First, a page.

< 0.001

< 0.001

   Creatinine, μmol/L

89 (± 21)

89 (± 16)

91 (± 22)

87 (± 14)

0.99

0.070

   Renal clearance, mL/minute

81 (± 24)

72 (± 19)

77 (± 23)

73 (± 19)

0.003

0.062

   Pulse, beats per minute

76 (± 11)

73 (± 9)

75 (± 11)

73 (± 9)

0.005

0.015

   Diabetes mellitus, percentage

14

3

12

3

< 0.001

0.001

   Hypothyroidism, percentage

12

2

9

2

0.001

0.003

aMetabolic syndrome (MetS) according to National Cholesterol Education Program (NCEP) 2001; bMetS according to NCEP 2004. Continuous variables are presented as means (± standard deviations) in cases of normal distribution or as medians (interquartile ranges) in cases of non-normal distribution. BMI, body mass index; CRP, C-reactive protein; DAS28, disease activity score using 28 joint counts; DMARD, disease-modifying antirheumatic drug; ESR, erythrocyte sedimentation rate; HCQ, hydroxychloroquine; MTX, methotrexate; RA, rheumatoid arthritis; SSZ, sulfasalazine; TNF, tumour necrosis factor.

Table 2

Variables associated with metabolic syndrome

 

Univariate

Multivariatea

 

OR

95% CI

Pvalue

OR

95% CI

Pvalue

Body mass index

1.2

1.1-1.3

< 0.001

1.2

1.1-1.3

< 0.001

Pulse

1.03

1.01-1.06

0.011

1.03

1.00-1.06

0.020

Creatinine

1.01

1.00-1.02

0.080

1.02

1.00-1.03

0.017

Hypothyroidism

4.5

1.5-13.2

0.007

4.7

1.5-15.0

0.009

Diabetes mellitus

4.8

1.8-12.9

0.002

4.5

1.4-15.2

0.014

aIn multivariate analyses, the following variables were used: gender, age, prednisolone only, methotrexate only, sulfasalazine only, hydroxychloroquine only, tumour necrosis factor-blocking agents, combination of disease-modifying antirheumatic drugs, pack-years, smoking, erosions, DAS28 (disease activity score using 28 joint counts), body mass index, pulse rate, creatinine levels, renal clearance, hypothyroidism and diabetes mellitus. CI, confidence interval; OR, odds ratio.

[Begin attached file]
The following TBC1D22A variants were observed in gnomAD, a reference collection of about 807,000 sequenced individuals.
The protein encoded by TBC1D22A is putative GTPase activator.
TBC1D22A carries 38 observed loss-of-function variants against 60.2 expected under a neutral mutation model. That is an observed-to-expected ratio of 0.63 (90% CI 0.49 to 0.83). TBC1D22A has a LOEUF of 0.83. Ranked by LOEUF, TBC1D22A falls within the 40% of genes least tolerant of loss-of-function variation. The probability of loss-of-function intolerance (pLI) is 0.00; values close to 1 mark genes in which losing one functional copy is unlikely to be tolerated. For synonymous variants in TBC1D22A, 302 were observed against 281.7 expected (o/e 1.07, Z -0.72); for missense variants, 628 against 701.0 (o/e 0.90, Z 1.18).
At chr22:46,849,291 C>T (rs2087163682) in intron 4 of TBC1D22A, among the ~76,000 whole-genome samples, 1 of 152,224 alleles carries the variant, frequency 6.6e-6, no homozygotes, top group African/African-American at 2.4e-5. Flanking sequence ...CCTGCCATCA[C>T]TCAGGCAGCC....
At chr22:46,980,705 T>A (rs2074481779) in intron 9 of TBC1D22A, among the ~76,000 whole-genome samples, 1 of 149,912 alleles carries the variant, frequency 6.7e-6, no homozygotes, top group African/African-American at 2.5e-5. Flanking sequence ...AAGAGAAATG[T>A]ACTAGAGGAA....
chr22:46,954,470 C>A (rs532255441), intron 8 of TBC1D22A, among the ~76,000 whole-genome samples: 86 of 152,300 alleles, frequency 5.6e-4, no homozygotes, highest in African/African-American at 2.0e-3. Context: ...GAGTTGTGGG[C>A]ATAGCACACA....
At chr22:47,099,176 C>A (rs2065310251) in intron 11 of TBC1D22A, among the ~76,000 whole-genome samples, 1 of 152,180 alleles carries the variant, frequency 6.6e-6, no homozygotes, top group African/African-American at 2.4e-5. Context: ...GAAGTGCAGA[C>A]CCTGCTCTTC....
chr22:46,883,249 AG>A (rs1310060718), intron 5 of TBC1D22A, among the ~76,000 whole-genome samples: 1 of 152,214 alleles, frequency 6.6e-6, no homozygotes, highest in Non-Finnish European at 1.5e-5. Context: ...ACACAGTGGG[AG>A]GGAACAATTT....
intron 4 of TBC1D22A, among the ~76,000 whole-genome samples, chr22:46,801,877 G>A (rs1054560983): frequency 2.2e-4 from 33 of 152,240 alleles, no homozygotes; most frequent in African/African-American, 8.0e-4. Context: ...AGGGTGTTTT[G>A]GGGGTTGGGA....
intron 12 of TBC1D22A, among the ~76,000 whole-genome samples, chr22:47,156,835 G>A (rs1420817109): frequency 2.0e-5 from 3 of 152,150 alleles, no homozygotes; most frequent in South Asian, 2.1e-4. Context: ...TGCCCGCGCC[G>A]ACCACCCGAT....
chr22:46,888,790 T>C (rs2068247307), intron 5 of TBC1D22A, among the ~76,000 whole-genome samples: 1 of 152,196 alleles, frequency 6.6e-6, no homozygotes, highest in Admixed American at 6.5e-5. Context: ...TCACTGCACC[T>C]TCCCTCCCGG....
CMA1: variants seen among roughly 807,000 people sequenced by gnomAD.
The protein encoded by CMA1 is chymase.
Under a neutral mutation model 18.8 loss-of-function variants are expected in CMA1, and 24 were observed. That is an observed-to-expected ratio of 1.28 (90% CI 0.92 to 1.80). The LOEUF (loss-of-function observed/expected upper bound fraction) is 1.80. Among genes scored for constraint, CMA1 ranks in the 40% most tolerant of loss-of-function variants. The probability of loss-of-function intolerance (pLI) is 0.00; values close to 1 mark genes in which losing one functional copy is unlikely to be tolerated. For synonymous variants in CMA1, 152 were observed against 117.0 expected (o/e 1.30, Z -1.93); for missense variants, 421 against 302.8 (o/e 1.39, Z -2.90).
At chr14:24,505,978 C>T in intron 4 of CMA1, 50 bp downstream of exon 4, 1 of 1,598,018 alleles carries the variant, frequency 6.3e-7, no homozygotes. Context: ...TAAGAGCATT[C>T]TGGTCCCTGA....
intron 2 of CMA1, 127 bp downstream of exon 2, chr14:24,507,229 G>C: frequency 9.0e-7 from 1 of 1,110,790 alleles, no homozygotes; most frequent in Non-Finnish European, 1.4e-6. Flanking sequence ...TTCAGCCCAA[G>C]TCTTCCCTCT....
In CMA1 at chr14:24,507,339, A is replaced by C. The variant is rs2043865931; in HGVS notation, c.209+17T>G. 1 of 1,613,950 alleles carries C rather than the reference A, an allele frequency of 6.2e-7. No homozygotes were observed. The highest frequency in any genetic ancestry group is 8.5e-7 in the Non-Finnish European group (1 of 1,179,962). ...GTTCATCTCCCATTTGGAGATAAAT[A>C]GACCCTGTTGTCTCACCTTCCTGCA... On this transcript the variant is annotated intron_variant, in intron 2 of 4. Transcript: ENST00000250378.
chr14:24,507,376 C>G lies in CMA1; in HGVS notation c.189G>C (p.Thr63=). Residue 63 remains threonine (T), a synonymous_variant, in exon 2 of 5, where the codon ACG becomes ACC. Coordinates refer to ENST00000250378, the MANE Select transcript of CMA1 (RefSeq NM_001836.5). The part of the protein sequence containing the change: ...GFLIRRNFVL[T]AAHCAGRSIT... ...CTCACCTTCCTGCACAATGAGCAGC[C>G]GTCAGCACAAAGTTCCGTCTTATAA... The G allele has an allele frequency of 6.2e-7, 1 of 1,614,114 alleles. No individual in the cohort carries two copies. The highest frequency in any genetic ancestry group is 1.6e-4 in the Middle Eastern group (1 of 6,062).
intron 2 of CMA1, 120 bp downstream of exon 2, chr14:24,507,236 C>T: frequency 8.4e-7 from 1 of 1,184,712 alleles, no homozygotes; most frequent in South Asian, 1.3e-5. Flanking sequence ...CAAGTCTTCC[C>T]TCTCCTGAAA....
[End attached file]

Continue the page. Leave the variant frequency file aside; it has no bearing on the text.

Therefore, to get more support for a drug-specific effect, it is of interest to know whether or not in the study of Toms and colleagues the MTX effect was present only in the group of RA patients with single use of MTX or in the group of MTX-treated patients with other antirheumatic drugs. As patients with MetS were significantly older, it would give further information whether age was an independent risk factor for MetS in regression analyses. Moreover, as readers, we are not informed about comorbidities like diabetes and clinical hypothyroidism, which are notorious cardiometabolic risk factors. On the whole, we could not confirm a plausible protective role for the use of MTX and presence of MetS, and hence further investigation is required to explain the discrepancy between our findings and those of Toms and colleagues.

Abbreviations

MetS: 

metabolic syndrome

MTX: 

methotrexate

NCEP: 

National Cholesterol Education Program

RA: 

rheumatoid arthritis.

Declarations

Authors’ Affiliations

(1)
Department of Rheumatology, VU University Medical Center
(2)
Department of Rheumatology, Jan van Breemen Institue
(3)
Department of Internal Medicine, VU University Medical Center

References

  1. Toms TE, Panoulas VF, Douglas KMJ, Kitas GD: Methotrexate therapy associates with a reduced prevalence of the metabolic syndrome in rheumatoid arthritis patients over the age of 60: more than just an anti-inflammatory effect? A cross-sectional study. Arthritis Res Ther. 2009, 11: R110-10.1186/ar2765.PubMed CentralView ArticlePubMed
  2. Raterman HG, van Eijk IC, Voskuyl AE, Peters MJ, Dijkmans BA, van Halm VP, Simsek S, Lems WF, Nurmohamed MT: The metabolic syndrome is amplified in hypothyroid rheumatoid arthritis patients: a cross-sectional study. Ann Rheum Dis. 2008

Copyright

© BioMed Central Ltd 2009